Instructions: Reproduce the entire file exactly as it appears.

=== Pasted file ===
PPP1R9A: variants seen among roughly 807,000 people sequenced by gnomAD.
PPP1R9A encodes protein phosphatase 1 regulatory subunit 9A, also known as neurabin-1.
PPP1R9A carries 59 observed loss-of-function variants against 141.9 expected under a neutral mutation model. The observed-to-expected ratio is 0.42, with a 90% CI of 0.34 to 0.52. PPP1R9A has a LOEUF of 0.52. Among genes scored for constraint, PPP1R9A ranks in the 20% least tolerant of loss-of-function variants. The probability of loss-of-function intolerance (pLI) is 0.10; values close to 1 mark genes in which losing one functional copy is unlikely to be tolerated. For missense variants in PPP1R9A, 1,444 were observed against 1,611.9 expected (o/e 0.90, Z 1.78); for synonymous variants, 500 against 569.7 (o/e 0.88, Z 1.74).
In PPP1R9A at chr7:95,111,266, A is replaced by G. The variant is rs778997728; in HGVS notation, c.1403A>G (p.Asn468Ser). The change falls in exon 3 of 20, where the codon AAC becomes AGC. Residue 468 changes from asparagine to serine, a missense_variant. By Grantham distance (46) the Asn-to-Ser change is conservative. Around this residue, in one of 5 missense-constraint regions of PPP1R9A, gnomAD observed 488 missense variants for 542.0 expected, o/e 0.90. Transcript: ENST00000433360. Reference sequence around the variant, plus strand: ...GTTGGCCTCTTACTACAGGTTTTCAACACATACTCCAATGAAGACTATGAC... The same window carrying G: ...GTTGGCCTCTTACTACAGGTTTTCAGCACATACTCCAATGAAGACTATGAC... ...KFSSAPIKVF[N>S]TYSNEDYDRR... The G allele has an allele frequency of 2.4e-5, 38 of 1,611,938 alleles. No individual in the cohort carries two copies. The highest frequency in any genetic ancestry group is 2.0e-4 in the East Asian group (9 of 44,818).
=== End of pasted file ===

PPP1R9A: variants seen among roughly 807,000 people sequenced by gnomAD.
PPP1R9A encodes protein phosphatase 1 regulatory subunit 9A, also known as neurabin-1.
PPP1R9A carries 59 observed loss-of-function variants against 141.9 expected under a neutral mutation model. The observed-to-expected ratio is 0.42, with a 90% CI of 0.34 to 0.52. PPP1R9A has a LOEUF of 0.52. Among genes scored for constraint, PPP1R9A ranks in the 20% least tolerant of loss-of-function variants. The probability of loss-of-function intolerance (pLI) is 0.10; values close to 1 mark genes in which losing one functional copy is unlikely to be tolerated. For missense variants in PPP1R9A, 1,444 were observed against 1,611.9 expected (o/e 0.90, Z 1.78); for synonymous variants, 500 against 569.7 (o/e 0.88, Z 1.74).
In PPP1R9A at chr7:95,111,266, A is replaced by G. The variant is rs778997728; in HGVS notation, c.1403A>G (p.Asn468Ser). The change falls in exon 3 of 20, where the codon AAC becomes AGC. Residue 468 changes from asparagine to serine, a missense_variant. By Grantham distance (46) the Asn-to-Ser change is conservative. Around this residue, in one of 5 missense-constraint regions of PPP1R9A, gnomAD observed 488 missense variants for 542.0 expected, o/e 0.90. Transcript: ENST00000433360. Reference sequence around the variant, plus strand: ...GTTGGCCTCTTACTACAGGTTTTCAACACATACTCCAATGAAGACTATGAC... The same window carrying G: ...GTTGGCCTCTTACTACAGGTTTTCAGCACATACTCCAATGAAGACTATGAC... ...KFSSAPIKVF[N>S]TYSNEDYDRR... The G allele has an allele frequency of 2.4e-5, 38 of 1,611,938 alleles. No individual in the cohort carries two copies. The highest frequency in any genetic ancestry group is 2.0e-4 in the East Asian group (9 of 44,818).